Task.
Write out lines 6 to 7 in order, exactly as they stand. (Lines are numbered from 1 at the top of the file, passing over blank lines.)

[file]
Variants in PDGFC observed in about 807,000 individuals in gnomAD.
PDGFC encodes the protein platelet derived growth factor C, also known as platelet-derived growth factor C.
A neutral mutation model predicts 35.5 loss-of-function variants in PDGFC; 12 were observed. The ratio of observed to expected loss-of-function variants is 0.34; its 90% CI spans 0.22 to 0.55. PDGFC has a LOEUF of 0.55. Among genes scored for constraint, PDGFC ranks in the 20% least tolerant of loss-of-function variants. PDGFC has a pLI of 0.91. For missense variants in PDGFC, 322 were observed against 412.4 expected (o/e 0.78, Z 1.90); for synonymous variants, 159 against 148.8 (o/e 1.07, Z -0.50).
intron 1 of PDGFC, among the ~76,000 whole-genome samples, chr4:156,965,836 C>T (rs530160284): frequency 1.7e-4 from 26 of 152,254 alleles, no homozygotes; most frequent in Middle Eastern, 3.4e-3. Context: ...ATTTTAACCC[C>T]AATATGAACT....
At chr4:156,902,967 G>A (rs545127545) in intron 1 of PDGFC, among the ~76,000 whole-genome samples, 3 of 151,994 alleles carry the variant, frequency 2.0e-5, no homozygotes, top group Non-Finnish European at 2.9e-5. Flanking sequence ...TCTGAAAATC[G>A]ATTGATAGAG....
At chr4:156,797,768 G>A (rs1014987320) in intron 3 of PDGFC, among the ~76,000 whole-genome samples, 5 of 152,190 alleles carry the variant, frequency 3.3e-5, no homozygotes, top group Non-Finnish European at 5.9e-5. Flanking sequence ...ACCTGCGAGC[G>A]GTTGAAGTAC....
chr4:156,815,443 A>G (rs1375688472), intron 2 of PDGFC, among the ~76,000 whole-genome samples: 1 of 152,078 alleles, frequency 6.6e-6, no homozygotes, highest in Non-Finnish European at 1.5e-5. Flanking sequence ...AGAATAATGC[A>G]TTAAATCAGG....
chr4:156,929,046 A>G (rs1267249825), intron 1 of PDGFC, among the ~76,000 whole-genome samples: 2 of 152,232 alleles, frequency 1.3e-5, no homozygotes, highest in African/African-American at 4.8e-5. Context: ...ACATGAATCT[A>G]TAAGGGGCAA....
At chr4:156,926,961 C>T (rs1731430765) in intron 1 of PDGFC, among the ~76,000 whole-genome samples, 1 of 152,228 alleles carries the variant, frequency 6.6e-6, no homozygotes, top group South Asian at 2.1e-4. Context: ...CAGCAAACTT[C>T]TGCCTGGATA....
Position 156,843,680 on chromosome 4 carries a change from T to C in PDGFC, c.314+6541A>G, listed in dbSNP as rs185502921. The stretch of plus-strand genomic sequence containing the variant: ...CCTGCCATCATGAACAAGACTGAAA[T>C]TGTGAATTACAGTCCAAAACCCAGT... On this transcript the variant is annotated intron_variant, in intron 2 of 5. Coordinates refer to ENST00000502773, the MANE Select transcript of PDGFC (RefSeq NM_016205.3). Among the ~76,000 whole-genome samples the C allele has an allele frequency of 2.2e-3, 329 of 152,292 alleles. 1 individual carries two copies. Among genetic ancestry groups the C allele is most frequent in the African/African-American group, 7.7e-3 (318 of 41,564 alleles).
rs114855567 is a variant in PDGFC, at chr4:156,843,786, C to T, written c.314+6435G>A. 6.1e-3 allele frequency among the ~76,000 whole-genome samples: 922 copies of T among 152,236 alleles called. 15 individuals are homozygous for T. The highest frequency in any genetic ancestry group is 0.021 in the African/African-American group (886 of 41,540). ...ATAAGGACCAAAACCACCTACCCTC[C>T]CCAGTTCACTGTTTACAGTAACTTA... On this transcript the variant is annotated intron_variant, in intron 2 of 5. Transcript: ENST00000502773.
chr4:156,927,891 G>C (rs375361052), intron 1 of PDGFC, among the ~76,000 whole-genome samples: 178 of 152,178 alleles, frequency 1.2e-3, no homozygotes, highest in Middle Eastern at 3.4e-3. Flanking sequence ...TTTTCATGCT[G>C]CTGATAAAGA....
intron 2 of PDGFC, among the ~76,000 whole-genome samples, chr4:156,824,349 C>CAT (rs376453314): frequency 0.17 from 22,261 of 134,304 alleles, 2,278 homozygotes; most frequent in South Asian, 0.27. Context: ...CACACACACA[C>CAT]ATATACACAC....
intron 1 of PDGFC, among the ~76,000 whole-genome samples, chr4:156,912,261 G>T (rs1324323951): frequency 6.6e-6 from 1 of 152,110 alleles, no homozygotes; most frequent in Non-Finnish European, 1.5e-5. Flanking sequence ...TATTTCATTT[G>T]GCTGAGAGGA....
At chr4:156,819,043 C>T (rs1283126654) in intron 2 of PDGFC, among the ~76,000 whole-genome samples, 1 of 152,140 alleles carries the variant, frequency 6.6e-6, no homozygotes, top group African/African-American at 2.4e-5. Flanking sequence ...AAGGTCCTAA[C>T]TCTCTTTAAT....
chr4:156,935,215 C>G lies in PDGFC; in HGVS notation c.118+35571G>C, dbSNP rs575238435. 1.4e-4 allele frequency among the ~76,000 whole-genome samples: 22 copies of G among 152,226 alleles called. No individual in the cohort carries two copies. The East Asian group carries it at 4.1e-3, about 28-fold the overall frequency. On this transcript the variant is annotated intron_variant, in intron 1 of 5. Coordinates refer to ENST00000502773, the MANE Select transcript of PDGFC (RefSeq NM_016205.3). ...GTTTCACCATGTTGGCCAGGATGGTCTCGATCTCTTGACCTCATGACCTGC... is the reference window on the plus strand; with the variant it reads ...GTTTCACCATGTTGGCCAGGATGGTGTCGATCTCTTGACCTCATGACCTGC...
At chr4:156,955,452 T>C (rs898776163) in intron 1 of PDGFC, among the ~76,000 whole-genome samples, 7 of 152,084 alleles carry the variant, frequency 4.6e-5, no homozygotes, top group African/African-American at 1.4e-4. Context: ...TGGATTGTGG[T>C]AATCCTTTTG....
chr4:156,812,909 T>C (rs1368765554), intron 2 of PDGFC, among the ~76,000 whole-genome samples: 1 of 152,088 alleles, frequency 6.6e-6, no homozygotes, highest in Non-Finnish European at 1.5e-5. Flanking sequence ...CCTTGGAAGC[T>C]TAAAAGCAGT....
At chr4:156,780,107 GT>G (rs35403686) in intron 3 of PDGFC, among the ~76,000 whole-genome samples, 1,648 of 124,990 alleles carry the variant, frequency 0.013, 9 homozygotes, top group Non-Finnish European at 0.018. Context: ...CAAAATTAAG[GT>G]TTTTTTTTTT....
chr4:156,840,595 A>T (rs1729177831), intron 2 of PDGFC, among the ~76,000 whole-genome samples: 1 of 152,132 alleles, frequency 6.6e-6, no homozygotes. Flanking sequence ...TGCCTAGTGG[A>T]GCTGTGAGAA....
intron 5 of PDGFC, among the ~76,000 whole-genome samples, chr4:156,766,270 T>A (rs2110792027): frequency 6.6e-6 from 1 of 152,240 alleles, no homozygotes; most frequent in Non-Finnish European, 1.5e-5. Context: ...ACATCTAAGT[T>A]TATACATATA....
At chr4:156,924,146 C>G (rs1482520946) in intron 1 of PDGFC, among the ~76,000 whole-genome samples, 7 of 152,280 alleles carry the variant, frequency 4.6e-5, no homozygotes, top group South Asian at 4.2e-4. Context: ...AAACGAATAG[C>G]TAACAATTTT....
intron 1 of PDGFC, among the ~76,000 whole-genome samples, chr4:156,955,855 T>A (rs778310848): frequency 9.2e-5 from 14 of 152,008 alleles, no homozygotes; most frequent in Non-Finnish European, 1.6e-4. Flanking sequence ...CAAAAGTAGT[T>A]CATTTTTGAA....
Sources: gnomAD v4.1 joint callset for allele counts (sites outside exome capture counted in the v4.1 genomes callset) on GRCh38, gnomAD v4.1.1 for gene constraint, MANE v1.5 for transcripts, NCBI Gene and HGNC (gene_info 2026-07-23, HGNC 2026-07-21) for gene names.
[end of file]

At chr4:156,797,768 G>A (rs1014987320) in intron 3 of PDGFC, among the ~76,000 whole-genome samples, 5 of 152,190 alleles carry the variant, frequency 3.3e-5, no homozygotes, top group Non-Finnish European at 5.9e-5. Flanking sequence ...ACCTGCGAGC[G>A]GTTGAAGTAC....
chr4:156,815,443 A>G (rs1375688472), intron 2 of PDGFC, among the ~76,000 whole-genome samples: 1 of 152,078 alleles, frequency 6.6e-6, no homozygotes, highest in Non-Finnish European at 1.5e-5. Flanking sequence ...AGAATAATGC[A>G]TTAAATCAGG....